Brad Pilgrim, CEO of Parity on Making Urban Living Sustainable
Brad Pilgrim spent five years working for successful energy startups focused on generating new energy, with products related to portable solar gear and solar rooftops. It was during this time he noticed a gap he felt existed in the clean-tech industry. Enter: Parity.
Inspired by the consumption side of the industry, Pilgrim wanted to learn more about how the massive amounts of energy being produced were being used. He questioned how efficiently this energy was being used and if we had the right technologies to understand and manage it effectively.
A prime example, 40% of CO2 emissions come from big buildings, yet big buildings severely lacked a lot of the technology necessary to understand and address the issue. In the market, there were large brick and mortar companies that didn’t concentrate on CO2 reduction or energy management for these buildings. While other industry players that were trying to solve this issue simply weren’t doing it well.
The idea for Parity was born out of trying to tackle this problem, with a better solution. When Pilgrim co-founded Parity in 2015 — a software to handle the complexities of energy management — he knew what he wanted to achieve.
According to Pilgrim, the process of using Parity is like taking an unfit person with a bad diet, then improving their health and turning them into an athlete. “We do something similar with a building, we attach to all the different components and we really understand the health state that it’s running at, we call it a baseline,” said Pilgrim.
The software gathers data from all of the pieces of equipment in a building, using different types of algorithms from simple linear regression to deep learning algorithms. Ultimately, these algorithms discover how many people are in a building and determine if they are supplying the right amount of heating or cooling, or oversupplying the building.
Next, the software uses the learnings to change the way that a building will operate. The result? actively saving energy for the building and helping it run at a better state. The software will continue improving and solving the issue as more data gets acquired.
“We’re almost like a personal trainer for this building. We turn it into an Olympic athlete,” said Pilgrim.
Big business for big buildings
The service and platform are able to turn energy waste into big dollars for Parity customers. The software is identifying the exact places where there is energy waste, measures the waste, and then optimizes how your building uses energy so that it reduces that waste. “They’re already spending the money, the money’s just being wasted,” said Pilgrim.
The company guarantees lower energy costs, typically in the 20-30% range. There is no upfront cost to the customer and buildings can expect an average return on investment of two years.
On building a company
Starting a company isn’t without challenges, Pilgrim admits that finding the right people can be difficult. “I spend 90% of my time thinking about my team,” he said.
Pilgrim also notes that building a company in Toronto can be a unique experience. Compared to San Francisco or Palo Alto, those that choose to start a company in Toronto can avoid huge costs and build their business sustainably. It also helps that clean-tech is thriving in Toronto, with environmentally-oriented people who are technology-focused.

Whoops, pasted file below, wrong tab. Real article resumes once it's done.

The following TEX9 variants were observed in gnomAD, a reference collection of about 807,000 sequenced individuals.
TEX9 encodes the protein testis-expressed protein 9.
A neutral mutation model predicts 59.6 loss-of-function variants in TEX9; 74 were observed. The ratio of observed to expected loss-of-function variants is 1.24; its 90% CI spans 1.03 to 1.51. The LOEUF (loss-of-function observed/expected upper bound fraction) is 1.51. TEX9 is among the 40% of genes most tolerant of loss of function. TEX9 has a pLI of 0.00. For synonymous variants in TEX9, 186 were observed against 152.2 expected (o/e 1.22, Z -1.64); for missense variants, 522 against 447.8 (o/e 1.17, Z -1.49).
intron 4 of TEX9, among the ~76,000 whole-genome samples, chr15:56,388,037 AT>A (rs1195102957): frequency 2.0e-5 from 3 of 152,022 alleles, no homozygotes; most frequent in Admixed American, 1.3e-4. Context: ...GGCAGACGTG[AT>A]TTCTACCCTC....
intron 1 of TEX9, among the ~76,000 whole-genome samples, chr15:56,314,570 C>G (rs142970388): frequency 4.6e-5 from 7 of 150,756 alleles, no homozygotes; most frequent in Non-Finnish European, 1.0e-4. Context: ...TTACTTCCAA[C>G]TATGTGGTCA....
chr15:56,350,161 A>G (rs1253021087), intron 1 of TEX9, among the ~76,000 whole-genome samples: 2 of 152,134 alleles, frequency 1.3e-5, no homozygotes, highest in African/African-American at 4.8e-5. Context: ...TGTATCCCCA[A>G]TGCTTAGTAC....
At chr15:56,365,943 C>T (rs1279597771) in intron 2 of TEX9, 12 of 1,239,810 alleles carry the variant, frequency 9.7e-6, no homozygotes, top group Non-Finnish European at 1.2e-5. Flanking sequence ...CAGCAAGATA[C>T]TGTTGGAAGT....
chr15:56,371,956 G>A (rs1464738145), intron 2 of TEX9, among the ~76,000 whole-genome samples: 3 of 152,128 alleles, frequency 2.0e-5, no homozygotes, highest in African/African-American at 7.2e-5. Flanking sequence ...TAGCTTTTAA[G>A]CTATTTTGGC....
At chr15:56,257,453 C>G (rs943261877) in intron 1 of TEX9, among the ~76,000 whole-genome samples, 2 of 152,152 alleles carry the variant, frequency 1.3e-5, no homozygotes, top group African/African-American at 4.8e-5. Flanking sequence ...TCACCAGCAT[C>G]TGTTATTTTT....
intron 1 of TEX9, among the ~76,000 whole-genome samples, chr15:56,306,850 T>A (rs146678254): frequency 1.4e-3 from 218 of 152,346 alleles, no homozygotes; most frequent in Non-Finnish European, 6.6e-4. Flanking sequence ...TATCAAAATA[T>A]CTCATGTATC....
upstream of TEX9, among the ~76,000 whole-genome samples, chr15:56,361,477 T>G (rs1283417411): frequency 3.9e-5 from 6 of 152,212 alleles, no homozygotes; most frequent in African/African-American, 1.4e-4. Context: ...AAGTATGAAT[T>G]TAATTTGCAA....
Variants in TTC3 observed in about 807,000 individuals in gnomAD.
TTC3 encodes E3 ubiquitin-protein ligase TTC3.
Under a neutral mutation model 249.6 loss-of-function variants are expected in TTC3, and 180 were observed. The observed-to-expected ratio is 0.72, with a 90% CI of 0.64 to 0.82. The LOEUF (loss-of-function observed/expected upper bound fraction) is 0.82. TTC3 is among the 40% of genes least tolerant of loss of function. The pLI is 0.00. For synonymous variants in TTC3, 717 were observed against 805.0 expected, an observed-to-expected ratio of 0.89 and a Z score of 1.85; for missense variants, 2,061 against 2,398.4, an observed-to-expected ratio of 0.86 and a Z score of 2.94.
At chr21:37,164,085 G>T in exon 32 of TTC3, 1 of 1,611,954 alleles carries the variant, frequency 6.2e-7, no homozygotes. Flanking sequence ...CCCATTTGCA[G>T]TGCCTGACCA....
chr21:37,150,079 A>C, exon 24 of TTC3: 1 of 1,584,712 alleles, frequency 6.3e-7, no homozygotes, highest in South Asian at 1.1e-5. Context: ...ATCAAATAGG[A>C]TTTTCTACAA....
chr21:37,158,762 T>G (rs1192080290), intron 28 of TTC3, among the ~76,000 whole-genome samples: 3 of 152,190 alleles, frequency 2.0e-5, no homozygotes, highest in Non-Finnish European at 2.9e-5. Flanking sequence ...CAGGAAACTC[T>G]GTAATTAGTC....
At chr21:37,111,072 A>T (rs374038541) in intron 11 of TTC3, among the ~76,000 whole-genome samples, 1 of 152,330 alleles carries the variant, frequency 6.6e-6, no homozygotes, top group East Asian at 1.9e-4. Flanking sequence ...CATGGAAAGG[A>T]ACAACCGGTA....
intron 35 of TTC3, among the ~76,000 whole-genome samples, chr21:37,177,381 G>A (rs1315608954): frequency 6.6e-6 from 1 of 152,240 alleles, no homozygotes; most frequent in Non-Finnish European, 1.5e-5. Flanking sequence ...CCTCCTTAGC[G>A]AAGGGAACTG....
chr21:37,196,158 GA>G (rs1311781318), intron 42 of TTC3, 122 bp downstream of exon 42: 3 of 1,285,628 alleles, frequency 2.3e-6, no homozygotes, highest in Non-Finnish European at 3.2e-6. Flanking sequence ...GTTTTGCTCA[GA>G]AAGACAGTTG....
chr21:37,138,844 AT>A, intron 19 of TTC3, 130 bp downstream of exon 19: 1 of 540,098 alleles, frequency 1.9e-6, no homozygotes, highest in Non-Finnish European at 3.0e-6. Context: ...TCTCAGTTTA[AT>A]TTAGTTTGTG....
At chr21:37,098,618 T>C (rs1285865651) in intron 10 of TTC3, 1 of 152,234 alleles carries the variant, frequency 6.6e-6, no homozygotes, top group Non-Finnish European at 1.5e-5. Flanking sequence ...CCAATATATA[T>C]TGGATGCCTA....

However, the challenge of being a Canadian startup is that it can be more difficult to access investment dollars. “We’re quite conservative as a population. We’re obviously 10 times smaller than the US.” Yet, Pilgrim believes if you can make it work in Canada then you can make it work anywhere else. “So, make it work here first, it’s a real test.”
Q & A
What's the best advice you have ever been given?
“If I knew then, what I know now”(learning from others hindsight). I’ve been taking this advice since I was very young and in many ways it has guided me as an entrepreneur very well. I’m always looking for insight and advice from those who have been in similar places dealing with similar problems to understand the likelihood of making the right decisions.
What is the lesson that took you the longest to learn?
Trust your own patience and understanding. I’m always learning. Nothing happens as fast as you’d like it to and it will never be done exactly how you might do it yourself. Let this go. Trust you have great people on your team and they have another way to get to where you need to be.
Who are some of your role models?
Noam Chomsky, Elon Musk, Bill Gates, Greta Thunburg. The character and passion of these people fascinates me.
How do you balance your work and personal lives?
I don’t really, but I expected that. Right now, I’m a 90/10 work person. That’s what you sign up for as an entrepreneur. Building a company is not for everyone. I like to think of the quote, “Live a life no one could think of, to live a life people only dream of.”
Do you have any morning routines before you get started at work for the day? What are they?
Swimming and going to the gym when I can. I read something that interests me for 20-30 minutes to get creative juices flowing. I find my best thinking happens in the first few hours of the morning.
How do you stay focused?
Planning. Lots and lots of planning. Everyday I look at the five biggest items that will help move us forward. Understand when to let fires burn and which ones you need to address immediately.
What are your favourite ways to relax and unwind from the day?
Spend time with family and friends. I also like racing cars — really fast ones.
What books/movie/documentary/show did you recently enjoy and have recommended to friends and colleagues?
Elon Musk’s bio. Ray Dalio Principles. Anything that involves space or deep ocean exploration. The search for the unknown world is incredibly interesting.